flaps. Note the distal and extensive decreased uptakes in the acute flap.
||Fig. 11 - Autoradiography of a specimen in the phase 3
study. Note the marked distinct necrosis borders and extensive necrosis of the acute flap
The present study
describes a dorsal skin flap model in rabbits. This model was used because its width is
sufficient for the elevation of two flaps. It is advisable to use two flaps with burn rows
in the same animal, since the metabolic conditions in different rabbits may affect flap
survival. It was not possible to find any axial vessels in the pedicles of our flaps and
all the vessels were positioned perpendicularly to the long axis of the flaps, as shown in
12 - Appearance of undersurface of acute (a) and delay (d) flaps. Note the
direction of vascular territories clearly seen in the acute flap. These territories could
not be seen so easily under the delay flap because the silicone sheet placed under the
delay flap caused thickening of the flap.
hypothesized that this type of vessel territory might be beneficial for the opening of
anastornotic and choked vessels in delayed flaps where blood flow has been maintained.
Morris and Taylor showed that the delay phenomenon would have its maximum effect 48-72 h
after elevation of the rabbit skin flap. On the basis of these findings, we planned to
elevate the delay flap in two Stages. First, half the long axis of the flap was raised and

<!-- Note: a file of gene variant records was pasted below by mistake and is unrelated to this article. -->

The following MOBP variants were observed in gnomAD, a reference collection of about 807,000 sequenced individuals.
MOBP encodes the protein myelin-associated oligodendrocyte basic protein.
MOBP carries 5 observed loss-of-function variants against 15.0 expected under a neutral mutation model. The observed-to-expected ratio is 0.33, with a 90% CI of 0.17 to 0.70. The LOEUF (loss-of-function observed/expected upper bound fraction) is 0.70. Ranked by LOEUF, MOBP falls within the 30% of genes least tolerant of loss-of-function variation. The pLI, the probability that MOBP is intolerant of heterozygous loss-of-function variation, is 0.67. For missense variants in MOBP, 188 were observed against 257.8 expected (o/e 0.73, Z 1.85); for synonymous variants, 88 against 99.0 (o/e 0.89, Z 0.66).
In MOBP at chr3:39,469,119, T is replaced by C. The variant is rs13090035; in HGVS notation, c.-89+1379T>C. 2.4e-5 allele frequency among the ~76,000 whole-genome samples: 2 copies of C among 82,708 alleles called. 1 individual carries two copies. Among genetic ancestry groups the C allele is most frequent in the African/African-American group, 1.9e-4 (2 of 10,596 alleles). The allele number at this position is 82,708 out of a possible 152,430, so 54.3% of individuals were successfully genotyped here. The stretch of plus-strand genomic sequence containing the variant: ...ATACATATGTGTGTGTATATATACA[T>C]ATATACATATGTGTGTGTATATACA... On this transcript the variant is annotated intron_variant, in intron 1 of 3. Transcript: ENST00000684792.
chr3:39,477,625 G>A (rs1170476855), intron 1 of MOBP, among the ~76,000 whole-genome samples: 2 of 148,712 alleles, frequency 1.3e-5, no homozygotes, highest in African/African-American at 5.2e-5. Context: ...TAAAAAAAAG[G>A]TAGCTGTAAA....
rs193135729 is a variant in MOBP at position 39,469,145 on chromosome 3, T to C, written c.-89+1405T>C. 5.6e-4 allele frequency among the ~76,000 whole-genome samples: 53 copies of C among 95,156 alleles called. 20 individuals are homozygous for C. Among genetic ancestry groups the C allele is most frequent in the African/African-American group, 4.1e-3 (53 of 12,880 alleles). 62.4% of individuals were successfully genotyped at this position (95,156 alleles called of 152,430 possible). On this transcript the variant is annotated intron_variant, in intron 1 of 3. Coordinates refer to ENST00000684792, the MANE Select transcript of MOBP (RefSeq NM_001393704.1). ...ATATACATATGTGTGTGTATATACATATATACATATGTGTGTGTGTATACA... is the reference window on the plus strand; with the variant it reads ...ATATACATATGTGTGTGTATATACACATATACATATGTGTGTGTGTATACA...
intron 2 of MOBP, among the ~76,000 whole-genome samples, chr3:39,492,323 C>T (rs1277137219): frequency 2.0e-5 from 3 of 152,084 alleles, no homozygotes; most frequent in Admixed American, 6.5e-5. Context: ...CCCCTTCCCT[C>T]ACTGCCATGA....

then, three days later, the size of the delayed flap was increased to 4 x 10 cm. A
silicone sheet was placed between the delayed flap and its donor area in order to prevent
the skin graft effect and to achieve a continuous response to the delay, as shown by
Hammond` in the rat with the McFarlane flap model. The present study showed a nearly 100%
survival rate in the delayed dorsal flap in the rabbit and an average rate of 86% in the
Regas and Ehrlich 14 were the first to describe the "comb burn model" for the
evaluation of the zone of stasis in burns. We have made some slight modifications to this
model. Each row was burned at different times because we suspected the presence of burn
injury in the interspace area between the two legs of the burning device owing to heat
convection. In the present study, the interspace areas were largely protected from direct
burn injury. A crossshaped interspace area was used. It may be hypothesized that if a